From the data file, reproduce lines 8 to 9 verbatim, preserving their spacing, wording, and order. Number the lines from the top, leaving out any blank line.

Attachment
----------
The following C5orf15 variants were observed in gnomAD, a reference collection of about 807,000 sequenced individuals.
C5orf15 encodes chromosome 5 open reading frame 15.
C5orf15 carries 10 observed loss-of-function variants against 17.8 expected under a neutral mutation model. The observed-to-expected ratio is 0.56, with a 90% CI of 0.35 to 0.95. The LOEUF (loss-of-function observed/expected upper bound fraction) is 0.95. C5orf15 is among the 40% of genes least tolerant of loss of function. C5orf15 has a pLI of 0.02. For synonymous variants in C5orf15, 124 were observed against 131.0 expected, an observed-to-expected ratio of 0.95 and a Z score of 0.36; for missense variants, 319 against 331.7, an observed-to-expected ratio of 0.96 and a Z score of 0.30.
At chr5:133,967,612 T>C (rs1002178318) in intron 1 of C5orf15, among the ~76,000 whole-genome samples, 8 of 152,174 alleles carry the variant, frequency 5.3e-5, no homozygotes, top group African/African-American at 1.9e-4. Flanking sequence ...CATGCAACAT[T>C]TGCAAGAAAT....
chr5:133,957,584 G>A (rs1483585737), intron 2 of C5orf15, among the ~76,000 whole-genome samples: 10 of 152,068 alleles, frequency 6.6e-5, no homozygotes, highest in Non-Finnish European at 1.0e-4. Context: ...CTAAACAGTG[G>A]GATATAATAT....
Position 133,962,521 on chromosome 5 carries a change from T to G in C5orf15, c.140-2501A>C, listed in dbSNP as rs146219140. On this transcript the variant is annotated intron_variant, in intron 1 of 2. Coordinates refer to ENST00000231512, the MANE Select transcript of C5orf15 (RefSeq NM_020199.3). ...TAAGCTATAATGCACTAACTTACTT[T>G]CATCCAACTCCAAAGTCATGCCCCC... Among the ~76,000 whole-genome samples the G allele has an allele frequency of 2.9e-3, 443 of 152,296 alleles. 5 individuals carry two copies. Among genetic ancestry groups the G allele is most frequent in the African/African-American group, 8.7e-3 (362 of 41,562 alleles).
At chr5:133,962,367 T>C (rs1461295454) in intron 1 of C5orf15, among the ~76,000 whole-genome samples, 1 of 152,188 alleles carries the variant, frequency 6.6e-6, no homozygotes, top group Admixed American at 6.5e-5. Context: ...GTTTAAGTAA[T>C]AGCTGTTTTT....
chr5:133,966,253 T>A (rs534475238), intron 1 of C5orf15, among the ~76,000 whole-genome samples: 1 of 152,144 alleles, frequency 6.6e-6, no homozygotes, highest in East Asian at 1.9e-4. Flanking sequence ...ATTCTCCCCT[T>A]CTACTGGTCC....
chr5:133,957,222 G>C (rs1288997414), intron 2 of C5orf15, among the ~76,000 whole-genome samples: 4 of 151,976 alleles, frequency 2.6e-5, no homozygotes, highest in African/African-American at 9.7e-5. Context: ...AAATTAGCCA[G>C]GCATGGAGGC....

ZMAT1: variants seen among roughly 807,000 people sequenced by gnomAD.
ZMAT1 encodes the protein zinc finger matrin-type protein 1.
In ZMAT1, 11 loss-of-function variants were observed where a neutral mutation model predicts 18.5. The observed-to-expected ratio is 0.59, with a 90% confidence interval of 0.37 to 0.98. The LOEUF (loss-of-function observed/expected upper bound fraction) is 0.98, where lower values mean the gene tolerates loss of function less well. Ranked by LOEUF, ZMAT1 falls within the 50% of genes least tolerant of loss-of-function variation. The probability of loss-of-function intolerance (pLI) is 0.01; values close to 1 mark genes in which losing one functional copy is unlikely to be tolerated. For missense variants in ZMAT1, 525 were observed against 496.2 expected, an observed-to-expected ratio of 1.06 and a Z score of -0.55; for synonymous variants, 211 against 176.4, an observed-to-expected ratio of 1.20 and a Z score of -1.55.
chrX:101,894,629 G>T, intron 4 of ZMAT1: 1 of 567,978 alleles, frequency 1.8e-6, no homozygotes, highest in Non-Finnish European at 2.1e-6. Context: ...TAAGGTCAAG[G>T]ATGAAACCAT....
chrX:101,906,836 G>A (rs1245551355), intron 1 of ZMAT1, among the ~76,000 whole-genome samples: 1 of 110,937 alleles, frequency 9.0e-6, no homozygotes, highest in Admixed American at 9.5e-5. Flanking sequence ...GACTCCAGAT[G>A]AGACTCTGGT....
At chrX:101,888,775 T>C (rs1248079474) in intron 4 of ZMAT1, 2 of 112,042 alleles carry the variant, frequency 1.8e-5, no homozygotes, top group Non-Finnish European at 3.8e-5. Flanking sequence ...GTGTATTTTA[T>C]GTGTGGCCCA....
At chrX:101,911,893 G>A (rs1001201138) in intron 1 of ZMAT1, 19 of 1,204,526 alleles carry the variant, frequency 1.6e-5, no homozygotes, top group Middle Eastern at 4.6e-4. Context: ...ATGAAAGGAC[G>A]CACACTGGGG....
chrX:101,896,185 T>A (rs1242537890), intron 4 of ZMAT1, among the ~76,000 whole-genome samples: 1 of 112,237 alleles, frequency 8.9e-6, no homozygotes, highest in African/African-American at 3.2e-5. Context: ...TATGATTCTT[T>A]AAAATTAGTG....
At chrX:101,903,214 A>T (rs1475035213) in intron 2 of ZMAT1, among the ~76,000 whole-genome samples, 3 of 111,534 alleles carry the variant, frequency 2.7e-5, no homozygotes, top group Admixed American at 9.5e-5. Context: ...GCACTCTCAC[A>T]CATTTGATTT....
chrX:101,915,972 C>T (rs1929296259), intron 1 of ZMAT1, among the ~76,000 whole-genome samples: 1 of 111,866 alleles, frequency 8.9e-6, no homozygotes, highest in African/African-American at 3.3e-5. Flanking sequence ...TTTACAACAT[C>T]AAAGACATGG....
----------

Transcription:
chr5:133,966,253 T>A (rs534475238), intron 1 of C5orf15, among the ~76,000 whole-genome samples: 1 of 152,144 alleles, frequency 6.6e-6, no homozygotes, highest in East Asian at 1.9e-4. Flanking sequence ...ATTCTCCCCT[T>A]CTACTGGTCC....
chr5:133,957,222 G>C (rs1288997414), intron 2 of C5orf15, among the ~76,000 whole-genome samples: 4 of 151,976 alleles, frequency 2.6e-5, no homozygotes, highest in African/African-American at 9.7e-5. Context: ...AAATTAGCCA[G>C]GCATGGAGGC....